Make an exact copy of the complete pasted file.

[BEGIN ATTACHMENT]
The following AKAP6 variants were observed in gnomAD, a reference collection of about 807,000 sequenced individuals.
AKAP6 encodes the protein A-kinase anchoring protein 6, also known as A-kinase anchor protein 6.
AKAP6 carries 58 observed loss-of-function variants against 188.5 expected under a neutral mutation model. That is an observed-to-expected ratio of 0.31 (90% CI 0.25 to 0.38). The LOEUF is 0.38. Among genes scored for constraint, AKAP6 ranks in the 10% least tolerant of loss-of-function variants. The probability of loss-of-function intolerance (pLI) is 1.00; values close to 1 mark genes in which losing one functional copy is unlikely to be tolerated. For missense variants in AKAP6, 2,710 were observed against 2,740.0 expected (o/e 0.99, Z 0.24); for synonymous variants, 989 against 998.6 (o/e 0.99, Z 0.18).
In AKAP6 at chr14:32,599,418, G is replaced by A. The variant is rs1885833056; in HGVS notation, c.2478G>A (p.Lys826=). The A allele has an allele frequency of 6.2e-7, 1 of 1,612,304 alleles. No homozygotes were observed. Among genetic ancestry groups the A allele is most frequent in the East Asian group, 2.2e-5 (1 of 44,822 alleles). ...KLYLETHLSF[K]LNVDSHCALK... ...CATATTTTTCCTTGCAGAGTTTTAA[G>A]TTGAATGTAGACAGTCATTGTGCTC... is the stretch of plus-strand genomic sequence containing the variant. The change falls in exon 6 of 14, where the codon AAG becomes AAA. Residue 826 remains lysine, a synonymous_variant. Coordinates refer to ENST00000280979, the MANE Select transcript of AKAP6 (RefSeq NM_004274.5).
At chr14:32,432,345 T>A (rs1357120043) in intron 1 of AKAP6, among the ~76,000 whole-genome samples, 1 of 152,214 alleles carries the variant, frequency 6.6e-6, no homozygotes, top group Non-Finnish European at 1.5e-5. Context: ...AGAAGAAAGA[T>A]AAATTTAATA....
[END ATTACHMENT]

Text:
The following AKAP6 variants were observed in gnomAD, a reference collection of about 807,000 sequenced individuals.
AKAP6 encodes the protein A-kinase anchoring protein 6, also known as A-kinase anchor protein 6.
AKAP6 carries 58 observed loss-of-function variants against 188.5 expected under a neutral mutation model. That is an observed-to-expected ratio of 0.31 (90% CI 0.25 to 0.38). The LOEUF is 0.38. Among genes scored for constraint, AKAP6 ranks in the 10% least tolerant of loss-of-function variants. The probability of loss-of-function intolerance (pLI) is 1.00; values close to 1 mark genes in which losing one functional copy is unlikely to be tolerated. For missense variants in AKAP6, 2,710 were observed against 2,740.0 expected (o/e 0.99, Z 0.24); for synonymous variants, 989 against 998.6 (o/e 0.99, Z 0.18).
In AKAP6 at chr14:32,599,418, G is replaced by A. The variant is rs1885833056; in HGVS notation, c.2478G>A (p.Lys826=). The A allele has an allele frequency of 6.2e-7, 1 of 1,612,304 alleles. No homozygotes were observed. Among genetic ancestry groups the A allele is most frequent in the East Asian group, 2.2e-5 (1 of 44,822 alleles). ...KLYLETHLSF[K]LNVDSHCALK... ...CATATTTTTCCTTGCAGAGTTTTAA[G>A]TTGAATGTAGACAGTCATTGTGCTC... is the stretch of plus-strand genomic sequence containing the variant. The change falls in exon 6 of 14, where the codon AAG becomes AAA. Residue 826 remains lysine, a synonymous_variant. Coordinates refer to ENST00000280979, the MANE Select transcript of AKAP6 (RefSeq NM_004274.5).
At chr14:32,432,345 T>A (rs1357120043) in intron 1 of AKAP6, among the ~76,000 whole-genome samples, 1 of 152,214 alleles carries the variant, frequency 6.6e-6, no homozygotes, top group Non-Finnish European at 1.5e-5. Context: ...AGAAGAAAGA[T>A]AAATTTAATA....